Along the pathways through local neighbourhoods you can stand and watch for a moment as young kids wander by. Their eyes are fixed on things adults don’t even realize have joined them on the walk. They spot the tiniest of hops, the most faint of a buzz and a change in the direction of a tiny chickadee looking for a snack.
Their minds aren’t on getting home or the to-do list for the day. They’re right in the here and now, working hardest at finding every curious bit of wonderment they can along the way. Then, they’ll spill the details (and often collections of bits from the journey) out on the dining room table, talking about them for hours and days or until the next time when they return to that place where discoveries were had.
If there is one thing that kids are always able to find in any neighbourhood, it’s the creatures living in it. Whether we’re talking the cat two doors down, the frogs living in the back pond or the owl that hangs out in the nearby forest, kids who spend time outside getting to know the streets and paths of where they live are connected. They see life differently. They become stewards of their own environment.
Beyond the mental mapping, knowing the folks who live around them and feeling safe, kids will often show us all why it’s so important to create and celebrate parks, protect natural habitats such as wetlands and forests, plant flowers and stop seeing the creatures who live with us in our neighbourhoods as pests and more as the charm and wonderment of being a part of the world around us.
When we as adults think about our hopes for our kids down the road, most often we hope that the world will be a healthy place for them. While overcoming global warming and tackling climate change seem like overwhelming topics to dig in to with your kids, helping them begin to care for the planet in deep sorts of ways starts with opening up the front door and letting them head outside to explore.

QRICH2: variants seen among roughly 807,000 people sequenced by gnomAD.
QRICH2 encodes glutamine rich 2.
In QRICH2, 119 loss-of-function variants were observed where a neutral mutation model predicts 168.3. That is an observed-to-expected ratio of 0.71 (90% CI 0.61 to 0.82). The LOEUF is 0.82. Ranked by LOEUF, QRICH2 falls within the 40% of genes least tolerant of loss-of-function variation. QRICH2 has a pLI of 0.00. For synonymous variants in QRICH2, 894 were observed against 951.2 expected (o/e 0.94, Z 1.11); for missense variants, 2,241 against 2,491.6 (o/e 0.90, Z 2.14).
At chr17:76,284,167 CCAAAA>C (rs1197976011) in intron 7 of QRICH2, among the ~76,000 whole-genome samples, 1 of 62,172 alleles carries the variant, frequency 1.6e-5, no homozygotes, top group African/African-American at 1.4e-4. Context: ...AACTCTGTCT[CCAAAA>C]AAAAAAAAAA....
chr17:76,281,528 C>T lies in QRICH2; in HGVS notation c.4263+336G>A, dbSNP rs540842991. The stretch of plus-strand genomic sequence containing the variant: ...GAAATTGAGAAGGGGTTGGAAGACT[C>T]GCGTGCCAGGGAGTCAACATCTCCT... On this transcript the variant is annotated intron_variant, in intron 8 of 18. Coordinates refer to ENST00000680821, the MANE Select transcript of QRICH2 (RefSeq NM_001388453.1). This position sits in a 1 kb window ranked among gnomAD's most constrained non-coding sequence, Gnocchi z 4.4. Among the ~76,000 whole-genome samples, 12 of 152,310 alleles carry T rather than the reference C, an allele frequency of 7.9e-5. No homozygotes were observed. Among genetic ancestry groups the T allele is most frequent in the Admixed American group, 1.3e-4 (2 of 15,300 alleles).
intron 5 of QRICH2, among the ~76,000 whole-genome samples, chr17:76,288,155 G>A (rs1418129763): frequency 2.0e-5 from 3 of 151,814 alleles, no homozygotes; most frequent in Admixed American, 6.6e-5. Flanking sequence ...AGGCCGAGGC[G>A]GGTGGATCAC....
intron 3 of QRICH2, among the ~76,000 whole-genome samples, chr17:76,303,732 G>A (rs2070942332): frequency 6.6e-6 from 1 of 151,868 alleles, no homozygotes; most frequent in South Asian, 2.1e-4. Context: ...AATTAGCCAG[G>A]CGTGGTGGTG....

You don’t have to be a naturalist, hiker or animal lover. You don’t even need to live along the edge of a forest. Kids will find nature just about anywhere you let them. Not to mention, getting to know our natural neighbours is a fun, creative and healthy way to spend time together as a family.
A lot has been said lately about the remarkable value of children getting out there and spending time outside. It’s a conversation that resonates deeply, brings back the best of memories from our own childhoods and helps us to understand how – in the age of technology – our kids and their experience with mud and trees, moss and water, will give us all a base from which to be more connected to each other.
Our Big Earth Media Co. has become an active part of giving kids of all ages and abilities ways to love nature as a regional partner with the Children & Nature Network and the Robert Bateman Get To Know Program.
Over the next couple of months, OBE will be undertaking a major initiative to connect kids to their neighbourhoods, communities, regions and world through simple acts of natural discovery.
In the mean time, join us in local neighbourhood adventures through the NeighbourWood Walks or be a part of the Great Backyard Bird Count next weekend – both fun ways to get to know and rediscover our neighbourhoods.
The Rediscovering Our Neighbourhoods project is a 7-part series that inspires people to see our neighbourhoods through the eyes of kids.
Check out the first installment – Getting to Know You – HERE.
Check out the second installment – The Shop Around The Corner – HERE.
Check out the third installment – Making Maps – HERE
Check out the fourth installment – A Foot’s Eye View - HERE
Check out the fifth installment – Safety In Knowing - HERE